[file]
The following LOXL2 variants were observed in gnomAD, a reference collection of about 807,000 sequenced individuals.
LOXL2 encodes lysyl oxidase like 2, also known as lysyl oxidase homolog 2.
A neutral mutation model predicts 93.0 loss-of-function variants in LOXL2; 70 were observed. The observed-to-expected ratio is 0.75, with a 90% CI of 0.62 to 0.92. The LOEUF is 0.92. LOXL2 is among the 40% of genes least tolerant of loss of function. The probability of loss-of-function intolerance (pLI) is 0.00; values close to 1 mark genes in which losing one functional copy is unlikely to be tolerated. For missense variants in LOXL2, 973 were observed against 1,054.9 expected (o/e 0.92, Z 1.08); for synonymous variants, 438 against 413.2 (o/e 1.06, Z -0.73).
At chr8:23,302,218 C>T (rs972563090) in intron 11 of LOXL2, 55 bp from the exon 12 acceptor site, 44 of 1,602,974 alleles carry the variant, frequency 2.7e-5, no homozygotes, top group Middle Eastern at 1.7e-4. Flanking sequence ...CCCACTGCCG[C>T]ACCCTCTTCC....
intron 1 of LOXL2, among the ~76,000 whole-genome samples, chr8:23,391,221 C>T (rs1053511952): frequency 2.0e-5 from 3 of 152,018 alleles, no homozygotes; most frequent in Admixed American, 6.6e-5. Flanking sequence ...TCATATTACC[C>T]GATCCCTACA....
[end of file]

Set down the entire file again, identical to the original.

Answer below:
The following LOXL2 variants were observed in gnomAD, a reference collection of about 807,000 sequenced individuals.
LOXL2 encodes lysyl oxidase like 2, also known as lysyl oxidase homolog 2.
A neutral mutation model predicts 93.0 loss-of-function variants in LOXL2; 70 were observed. The observed-to-expected ratio is 0.75, with a 90% CI of 0.62 to 0.92. The LOEUF is 0.92. LOXL2 is among the 40% of genes least tolerant of loss of function. The probability of loss-of-function intolerance (pLI) is 0.00; values close to 1 mark genes in which losing one functional copy is unlikely to be tolerated. For missense variants in LOXL2, 973 were observed against 1,054.9 expected (o/e 0.92, Z 1.08); for synonymous variants, 438 against 413.2 (o/e 1.06, Z -0.73).
At chr8:23,302,218 C>T (rs972563090) in intron 11 of LOXL2, 55 bp from the exon 12 acceptor site, 44 of 1,602,974 alleles carry the variant, frequency 2.7e-5, no homozygotes, top group Middle Eastern at 1.7e-4. Flanking sequence ...CCCACTGCCG[C>T]ACCCTCTTCC....
intron 1 of LOXL2, among the ~76,000 whole-genome samples, chr8:23,391,221 C>T (rs1053511952): frequency 2.0e-5 from 3 of 152,018 alleles, no homozygotes; most frequent in Admixed American, 6.6e-5. Flanking sequence ...TCATATTACC[C>T]GATCCCTACA....